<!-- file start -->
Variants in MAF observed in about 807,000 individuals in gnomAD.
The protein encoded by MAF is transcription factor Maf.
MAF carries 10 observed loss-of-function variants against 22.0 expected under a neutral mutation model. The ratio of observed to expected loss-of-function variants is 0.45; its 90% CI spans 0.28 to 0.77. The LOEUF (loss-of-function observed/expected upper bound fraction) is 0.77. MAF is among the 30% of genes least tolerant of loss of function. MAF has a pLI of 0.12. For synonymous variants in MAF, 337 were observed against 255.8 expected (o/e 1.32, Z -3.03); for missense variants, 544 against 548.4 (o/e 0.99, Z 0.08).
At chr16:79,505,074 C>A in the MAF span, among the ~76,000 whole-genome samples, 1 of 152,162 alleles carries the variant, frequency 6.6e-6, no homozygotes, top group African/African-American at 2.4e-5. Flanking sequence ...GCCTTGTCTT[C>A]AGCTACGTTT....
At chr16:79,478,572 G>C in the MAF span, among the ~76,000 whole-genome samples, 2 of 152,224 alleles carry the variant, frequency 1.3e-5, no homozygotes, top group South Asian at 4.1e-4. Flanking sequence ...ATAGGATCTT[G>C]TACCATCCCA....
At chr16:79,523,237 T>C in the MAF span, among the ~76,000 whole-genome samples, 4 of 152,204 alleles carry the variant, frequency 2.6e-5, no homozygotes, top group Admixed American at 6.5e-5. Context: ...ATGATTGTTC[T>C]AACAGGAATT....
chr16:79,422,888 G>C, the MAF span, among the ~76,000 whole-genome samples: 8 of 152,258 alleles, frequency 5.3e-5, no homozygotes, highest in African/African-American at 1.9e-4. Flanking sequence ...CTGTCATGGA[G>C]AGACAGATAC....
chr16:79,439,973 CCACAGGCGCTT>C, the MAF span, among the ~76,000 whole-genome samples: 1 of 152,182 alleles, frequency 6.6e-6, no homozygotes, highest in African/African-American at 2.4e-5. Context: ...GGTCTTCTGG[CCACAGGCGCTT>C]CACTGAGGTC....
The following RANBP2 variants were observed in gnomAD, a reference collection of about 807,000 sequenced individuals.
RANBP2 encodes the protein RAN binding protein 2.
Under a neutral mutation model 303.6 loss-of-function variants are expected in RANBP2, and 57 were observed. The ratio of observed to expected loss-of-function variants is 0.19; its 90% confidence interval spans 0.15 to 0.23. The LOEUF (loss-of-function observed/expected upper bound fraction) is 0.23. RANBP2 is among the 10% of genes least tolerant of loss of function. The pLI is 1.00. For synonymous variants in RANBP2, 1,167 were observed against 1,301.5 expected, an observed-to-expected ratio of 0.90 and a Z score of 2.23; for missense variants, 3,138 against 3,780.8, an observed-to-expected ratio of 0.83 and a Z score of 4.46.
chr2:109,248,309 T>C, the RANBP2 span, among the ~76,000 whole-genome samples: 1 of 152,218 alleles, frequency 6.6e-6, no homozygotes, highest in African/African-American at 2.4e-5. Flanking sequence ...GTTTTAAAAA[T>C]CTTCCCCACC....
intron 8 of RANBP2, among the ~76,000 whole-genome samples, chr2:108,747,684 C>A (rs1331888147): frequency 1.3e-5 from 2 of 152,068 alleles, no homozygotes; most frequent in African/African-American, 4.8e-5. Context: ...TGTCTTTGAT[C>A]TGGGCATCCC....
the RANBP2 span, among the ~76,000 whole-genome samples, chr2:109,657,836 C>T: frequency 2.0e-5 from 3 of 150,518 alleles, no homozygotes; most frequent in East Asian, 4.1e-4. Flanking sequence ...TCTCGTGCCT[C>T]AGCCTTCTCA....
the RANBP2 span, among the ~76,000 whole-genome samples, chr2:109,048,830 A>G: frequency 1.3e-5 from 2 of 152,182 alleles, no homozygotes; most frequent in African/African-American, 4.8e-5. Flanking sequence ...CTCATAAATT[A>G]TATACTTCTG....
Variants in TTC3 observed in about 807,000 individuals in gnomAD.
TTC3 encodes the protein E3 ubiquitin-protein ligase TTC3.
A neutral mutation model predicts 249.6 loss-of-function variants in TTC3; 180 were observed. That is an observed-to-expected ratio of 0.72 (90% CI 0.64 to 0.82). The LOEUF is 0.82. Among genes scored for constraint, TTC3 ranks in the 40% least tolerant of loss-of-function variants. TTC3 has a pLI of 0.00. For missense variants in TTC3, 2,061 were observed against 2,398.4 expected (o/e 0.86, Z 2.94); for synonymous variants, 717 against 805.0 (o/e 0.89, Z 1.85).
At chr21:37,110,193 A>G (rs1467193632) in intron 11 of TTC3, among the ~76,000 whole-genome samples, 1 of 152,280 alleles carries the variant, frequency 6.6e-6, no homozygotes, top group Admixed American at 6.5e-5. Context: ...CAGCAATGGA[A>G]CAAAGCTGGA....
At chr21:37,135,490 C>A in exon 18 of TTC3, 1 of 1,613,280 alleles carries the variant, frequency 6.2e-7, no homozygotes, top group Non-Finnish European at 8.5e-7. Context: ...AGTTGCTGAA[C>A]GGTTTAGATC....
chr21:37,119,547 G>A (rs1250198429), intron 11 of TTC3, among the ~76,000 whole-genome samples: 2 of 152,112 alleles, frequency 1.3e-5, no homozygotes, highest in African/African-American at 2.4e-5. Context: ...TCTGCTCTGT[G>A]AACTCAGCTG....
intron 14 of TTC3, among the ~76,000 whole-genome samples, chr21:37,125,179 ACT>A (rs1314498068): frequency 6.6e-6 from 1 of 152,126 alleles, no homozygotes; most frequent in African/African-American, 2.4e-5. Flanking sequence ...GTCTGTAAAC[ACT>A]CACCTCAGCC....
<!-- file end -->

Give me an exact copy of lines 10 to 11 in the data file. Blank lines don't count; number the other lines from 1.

RANBP2 encodes the protein RAN binding protein 2.
Under a neutral mutation model 303.6 loss-of-function variants are expected in RANBP2, and 57 were observed. The ratio of observed to expected loss-of-function variants is 0.19; its 90% confidence interval spans 0.15 to 0.23. The LOEUF (loss-of-function observed/expected upper bound fraction) is 0.23. RANBP2 is among the 10% of genes least tolerant of loss of function. The pLI is 1.00. For synonymous variants in RANBP2, 1,167 were observed against 1,301.5 expected, an observed-to-expected ratio of 0.90 and a Z score of 2.23; for missense variants, 3,138 against 3,780.8, an observed-to-expected ratio of 0.83 and a Z score of 4.46.